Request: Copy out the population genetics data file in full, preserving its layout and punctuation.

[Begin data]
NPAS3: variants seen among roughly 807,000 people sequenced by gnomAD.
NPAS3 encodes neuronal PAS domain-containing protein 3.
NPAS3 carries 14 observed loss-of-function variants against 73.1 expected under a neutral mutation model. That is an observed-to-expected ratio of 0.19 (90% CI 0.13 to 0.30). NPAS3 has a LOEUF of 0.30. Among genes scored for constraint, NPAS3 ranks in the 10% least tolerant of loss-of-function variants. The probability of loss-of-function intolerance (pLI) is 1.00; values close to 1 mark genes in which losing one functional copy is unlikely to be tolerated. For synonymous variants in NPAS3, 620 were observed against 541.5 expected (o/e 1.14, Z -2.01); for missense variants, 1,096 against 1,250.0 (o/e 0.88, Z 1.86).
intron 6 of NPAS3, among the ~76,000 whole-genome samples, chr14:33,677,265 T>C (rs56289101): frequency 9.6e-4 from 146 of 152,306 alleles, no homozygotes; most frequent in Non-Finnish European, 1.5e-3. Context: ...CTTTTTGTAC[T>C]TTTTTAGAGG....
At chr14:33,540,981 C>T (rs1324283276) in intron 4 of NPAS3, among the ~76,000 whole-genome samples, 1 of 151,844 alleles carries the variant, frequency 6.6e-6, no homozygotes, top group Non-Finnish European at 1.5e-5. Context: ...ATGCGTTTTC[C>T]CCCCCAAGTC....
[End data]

NPAS3: variants seen among roughly 807,000 people sequenced by gnomAD.
NPAS3 encodes neuronal PAS domain-containing protein 3.
NPAS3 carries 14 observed loss-of-function variants against 73.1 expected under a neutral mutation model. That is an observed-to-expected ratio of 0.19 (90% CI 0.13 to 0.30). NPAS3 has a LOEUF of 0.30. Among genes scored for constraint, NPAS3 ranks in the 10% least tolerant of loss-of-function variants. The probability of loss-of-function intolerance (pLI) is 1.00; values close to 1 mark genes in which losing one functional copy is unlikely to be tolerated. For synonymous variants in NPAS3, 620 were observed against 541.5 expected (o/e 1.14, Z -2.01); for missense variants, 1,096 against 1,250.0 (o/e 0.88, Z 1.86).
intron 6 of NPAS3, among the ~76,000 whole-genome samples, chr14:33,677,265 T>C (rs56289101): frequency 9.6e-4 from 146 of 152,306 alleles, no homozygotes; most frequent in Non-Finnish European, 1.5e-3. Context: ...CTTTTTGTAC[T>C]TTTTTAGAGG....
At chr14:33,540,981 C>T (rs1324283276) in intron 4 of NPAS3, among the ~76,000 whole-genome samples, 1 of 151,844 alleles carries the variant, frequency 6.6e-6, no homozygotes, top group Non-Finnish European at 1.5e-5. Context: ...ATGCGTTTTC[C>T]CCCCCAAGTC....